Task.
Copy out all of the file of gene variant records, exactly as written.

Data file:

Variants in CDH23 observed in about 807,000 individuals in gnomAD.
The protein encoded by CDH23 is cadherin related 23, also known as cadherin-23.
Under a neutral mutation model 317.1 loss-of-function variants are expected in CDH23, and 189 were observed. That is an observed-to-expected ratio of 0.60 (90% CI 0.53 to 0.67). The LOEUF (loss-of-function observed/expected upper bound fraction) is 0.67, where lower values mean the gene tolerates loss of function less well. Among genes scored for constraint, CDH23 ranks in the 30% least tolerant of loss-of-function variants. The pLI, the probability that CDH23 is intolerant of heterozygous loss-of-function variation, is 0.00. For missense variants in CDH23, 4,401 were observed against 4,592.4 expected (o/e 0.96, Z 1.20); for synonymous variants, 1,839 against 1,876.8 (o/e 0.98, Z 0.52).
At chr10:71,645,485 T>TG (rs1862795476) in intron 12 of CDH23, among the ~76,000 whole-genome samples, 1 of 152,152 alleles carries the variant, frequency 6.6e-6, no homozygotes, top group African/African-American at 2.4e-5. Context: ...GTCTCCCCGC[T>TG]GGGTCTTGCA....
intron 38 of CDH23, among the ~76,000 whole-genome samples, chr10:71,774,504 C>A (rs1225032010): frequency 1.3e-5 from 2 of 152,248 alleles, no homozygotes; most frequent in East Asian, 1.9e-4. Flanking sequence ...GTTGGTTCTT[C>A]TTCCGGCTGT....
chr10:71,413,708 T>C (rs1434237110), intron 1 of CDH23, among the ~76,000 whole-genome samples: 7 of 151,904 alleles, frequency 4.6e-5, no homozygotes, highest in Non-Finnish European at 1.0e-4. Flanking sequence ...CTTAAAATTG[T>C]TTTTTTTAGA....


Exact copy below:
Variants in CDH23 observed in about 807,000 individuals in gnomAD.
The protein encoded by CDH23 is cadherin related 23, also known as cadherin-23.
Under a neutral mutation model 317.1 loss-of-function variants are expected in CDH23, and 189 were observed. That is an observed-to-expected ratio of 0.60 (90% CI 0.53 to 0.67). The LOEUF (loss-of-function observed/expected upper bound fraction) is 0.67, where lower values mean the gene tolerates loss of function less well. Among genes scored for constraint, CDH23 ranks in the 30% least tolerant of loss-of-function variants. The pLI, the probability that CDH23 is intolerant of heterozygous loss-of-function variation, is 0.00. For missense variants in CDH23, 4,401 were observed against 4,592.4 expected (o/e 0.96, Z 1.20); for synonymous variants, 1,839 against 1,876.8 (o/e 0.98, Z 0.52).
At chr10:71,645,485 T>TG (rs1862795476) in intron 12 of CDH23, among the ~76,000 whole-genome samples, 1 of 152,152 alleles carries the variant, frequency 6.6e-6, no homozygotes, top group African/African-American at 2.4e-5. Context: ...GTCTCCCCGC[T>TG]GGGTCTTGCA....
intron 38 of CDH23, among the ~76,000 whole-genome samples, chr10:71,774,504 C>A (rs1225032010): frequency 1.3e-5 from 2 of 152,248 alleles, no homozygotes; most frequent in East Asian, 1.9e-4. Flanking sequence ...GTTGGTTCTT[C>A]TTCCGGCTGT....
chr10:71,413,708 T>C (rs1434237110), intron 1 of CDH23, among the ~76,000 whole-genome samples: 7 of 151,904 alleles, frequency 4.6e-5, no homozygotes, highest in Non-Finnish European at 1.0e-4. Flanking sequence ...CTTAAAATTG[T>C]TTTTTTTAGA....